What We Can Learn From the Theranos and WeWork Stories

They’re outspoken, big thinkers, natural leaders and a bit unpredictable. They’re extremely intelligent, a bit narcissistic and a force that won’t stop moving forward, no matter the obstacle.

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I’m talking about entrepreneurs who possess the X factor. It’s nearly impossible to pinpoint, but successful venture capitalists know how to spot this winning combination of exceptional traits.

It’s rare to find someone who has what it takes to build something from nothing. The intelligence, creativity and enthusiasm required are given components, but it’s the ability to take on seemingly impossible challenges, all while keeping a cool head and big smile, that sets this rare breed apart.

While the methods of making it happen vary greatly, ultimately, successful entrepreneurs win by continually executing on their goal.

However, some entrepreneurs are more talented at selling a dream than they are at executing on their goal… and that can spell disaster for investors.

Today I’m going to share the stories of two sellers of dreams who raised billions of dollars in private funding from some of the biggest names in the business. But these dream sellers were unable to reach their ultimate goals, and investors ended up losing big.

I’ll share these cautionary tales — and some tactics you can use to avoid making the same mistakes…

The Dream Seller Who Got Away

Standing 6-foot-5, Adam Neumann was the man who sold the dream of “working together and belonging” to some of the top VC and private equity investors in the world.

Neumann was able to make incredible finance connections as he built WeWork (NYSE:WE). Softbank (OTCMKTS:SFTBY), Harvard Management Group, Benchmark Capital and JPMorgan Chase (NYSE:JPM) were just some of the institutional-level investors that believed in WeWork.

Jamie Dimon, the CEO of JPMorgan, even served as one of Neumann’s advisers. This relationship and others enabled Neumann to raise over $11 billion in just under a decade.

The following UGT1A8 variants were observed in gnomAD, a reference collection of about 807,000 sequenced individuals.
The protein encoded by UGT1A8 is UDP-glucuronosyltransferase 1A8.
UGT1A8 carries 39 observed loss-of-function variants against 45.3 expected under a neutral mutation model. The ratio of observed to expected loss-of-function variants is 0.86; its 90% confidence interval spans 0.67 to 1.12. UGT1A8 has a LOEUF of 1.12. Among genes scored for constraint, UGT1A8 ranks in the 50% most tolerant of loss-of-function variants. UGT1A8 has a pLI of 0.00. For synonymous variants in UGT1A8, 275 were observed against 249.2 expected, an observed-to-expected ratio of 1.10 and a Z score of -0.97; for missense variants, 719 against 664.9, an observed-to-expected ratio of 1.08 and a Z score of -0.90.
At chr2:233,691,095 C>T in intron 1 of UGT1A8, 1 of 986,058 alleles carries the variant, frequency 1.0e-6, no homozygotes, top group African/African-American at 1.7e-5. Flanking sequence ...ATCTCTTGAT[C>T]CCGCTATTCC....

WeWork’s initial business model was to rent large office spaces cheaply via long-term leases and then to rent small parcels of those properties to small businesses and individuals, particularly startups. The goal was a collaborative environment where ideas could be shared and made profitable.

Founded in 2010, WeWork grew to 390 locations by 2019, which was the same year that the company was scheduled to go public at a nearly $50 billion valuation.

But just before the IPO, major questions started to arise…

WeWork’s main competitor, IWG (OTCMKTS:IWGFF) (which operates Regus), was already a public company and traded for less than a $5 billion market capitalization. WeWork, which had far fewer locations and was burning money, was valued 10 times higher than Regus. Why?

A chart showing the number of locations owned by Regus, WeWork and other workspace rental companies.

From a 2019 Wall Street Journal article:

“The IWG comparison is also raising questions about whether We[Work] is worth what its backers say: IWG has been profitable for years and has a market capitalization roughly one-tenth of We[Work]’s $47 billion private valuation, despite reporting big losses.”

In the first half of 2019, IWG had made profits of about $60 million, while WeWork lost $1.37 billion!

A chart showing the respective loss and profit from operations for We Co. and IWG in the first halves of 2018 and 2019.

After WeWork filed to go public in 2019, potential public market investors had a field day with its financial documents. They uncovered Neumann’s mismanagement and questionable personal activities.

For example:

  • JPMorgan provided Neumann with a $40 million line of credit for his personal real estate purchases.
  • As WeWork’s CEO, Neumann purchased $90 million worth of personal residences, including a 60-acre upstate New York farm estate, a 6,000-square-foot apartment in Manhattan, two homes in the Hamptons and a $21 million California mansion.
  • Neumann personally purchased commercial real estate that he then allegedly leased back to WeWork, funded by investors’ money. If so, this would be a clear conflict of interest — WeWork investors would literally be paying off Neumann’s personal real estate loans. Legendary real estate investor Sam Zell said these transactions “would never have occurred if WeWork was a public company and scrutinized accordingly.”

Representatives for Neumann tell me, however, that “Adam purchased stakes in commercial real estate as part of partnerships that were ultimately approved by WeWork. The properties were also leased at market or below market rate by the partnership (not Adam personally).”

WeWork failed to go public in 2019, and Neumann stepped down as CEO in October of the same year. Securities filings show he received $245 million in company stock and $200 million in cash.

WeWork eventually went public in October 2021 through a special purpose acquisition company (SPAC) and today trades for around a $6.5 billion market cap. And even that valuation “defies belief,” based on a comparison to IWG.